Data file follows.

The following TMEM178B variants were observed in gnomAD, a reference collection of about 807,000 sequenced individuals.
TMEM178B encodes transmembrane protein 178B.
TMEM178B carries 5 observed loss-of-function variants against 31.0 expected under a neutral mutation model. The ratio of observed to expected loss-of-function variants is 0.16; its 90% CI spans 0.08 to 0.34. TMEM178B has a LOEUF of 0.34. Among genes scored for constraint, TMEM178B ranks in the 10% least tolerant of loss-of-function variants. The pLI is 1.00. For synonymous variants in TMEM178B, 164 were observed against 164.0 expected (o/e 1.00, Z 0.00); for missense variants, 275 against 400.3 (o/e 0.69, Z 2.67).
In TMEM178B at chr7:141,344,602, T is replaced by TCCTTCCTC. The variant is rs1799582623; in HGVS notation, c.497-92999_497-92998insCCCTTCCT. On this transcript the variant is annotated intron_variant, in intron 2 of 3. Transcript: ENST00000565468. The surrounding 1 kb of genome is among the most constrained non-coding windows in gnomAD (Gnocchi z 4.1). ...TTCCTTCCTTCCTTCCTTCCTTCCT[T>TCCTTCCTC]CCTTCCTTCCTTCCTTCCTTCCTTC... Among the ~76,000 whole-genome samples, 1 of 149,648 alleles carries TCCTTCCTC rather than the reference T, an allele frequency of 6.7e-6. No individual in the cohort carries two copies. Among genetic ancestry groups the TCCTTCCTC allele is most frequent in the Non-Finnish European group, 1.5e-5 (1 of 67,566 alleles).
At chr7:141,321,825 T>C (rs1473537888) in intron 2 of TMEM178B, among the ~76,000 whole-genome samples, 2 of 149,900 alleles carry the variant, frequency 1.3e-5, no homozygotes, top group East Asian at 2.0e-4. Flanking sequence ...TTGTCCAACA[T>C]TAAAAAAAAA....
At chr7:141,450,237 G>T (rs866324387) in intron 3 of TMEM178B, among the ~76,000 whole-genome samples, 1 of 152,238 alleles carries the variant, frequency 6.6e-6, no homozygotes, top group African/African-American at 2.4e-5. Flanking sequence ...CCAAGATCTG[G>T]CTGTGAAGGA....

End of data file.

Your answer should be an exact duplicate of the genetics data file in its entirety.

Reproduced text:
The following TMEM178B variants were observed in gnomAD, a reference collection of about 807,000 sequenced individuals.
TMEM178B encodes transmembrane protein 178B.
TMEM178B carries 5 observed loss-of-function variants against 31.0 expected under a neutral mutation model. The ratio of observed to expected loss-of-function variants is 0.16; its 90% CI spans 0.08 to 0.34. TMEM178B has a LOEUF of 0.34. Among genes scored for constraint, TMEM178B ranks in the 10% least tolerant of loss-of-function variants. The pLI is 1.00. For synonymous variants in TMEM178B, 164 were observed against 164.0 expected (o/e 1.00, Z 0.00); for missense variants, 275 against 400.3 (o/e 0.69, Z 2.67).
In TMEM178B at chr7:141,344,602, T is replaced by TCCTTCCTC. The variant is rs1799582623; in HGVS notation, c.497-92999_497-92998insCCCTTCCT. On this transcript the variant is annotated intron_variant, in intron 2 of 3. Transcript: ENST00000565468. The surrounding 1 kb of genome is among the most constrained non-coding windows in gnomAD (Gnocchi z 4.1). ...TTCCTTCCTTCCTTCCTTCCTTCCT[T>TCCTTCCTC]CCTTCCTTCCTTCCTTCCTTCCTTC... Among the ~76,000 whole-genome samples, 1 of 149,648 alleles carries TCCTTCCTC rather than the reference T, an allele frequency of 6.7e-6. No individual in the cohort carries two copies. Among genetic ancestry groups the TCCTTCCTC allele is most frequent in the Non-Finnish European group, 1.5e-5 (1 of 67,566 alleles).
At chr7:141,321,825 T>C (rs1473537888) in intron 2 of TMEM178B, among the ~76,000 whole-genome samples, 2 of 149,900 alleles carry the variant, frequency 1.3e-5, no homozygotes, top group East Asian at 2.0e-4. Flanking sequence ...TTGTCCAACA[T>C]TAAAAAAAAA....
At chr7:141,450,237 G>T (rs866324387) in intron 3 of TMEM178B, among the ~76,000 whole-genome samples, 1 of 152,238 alleles carries the variant, frequency 6.6e-6, no homozygotes, top group African/African-American at 2.4e-5. Flanking sequence ...CCAAGATCTG[G>T]CTGTGAAGGA....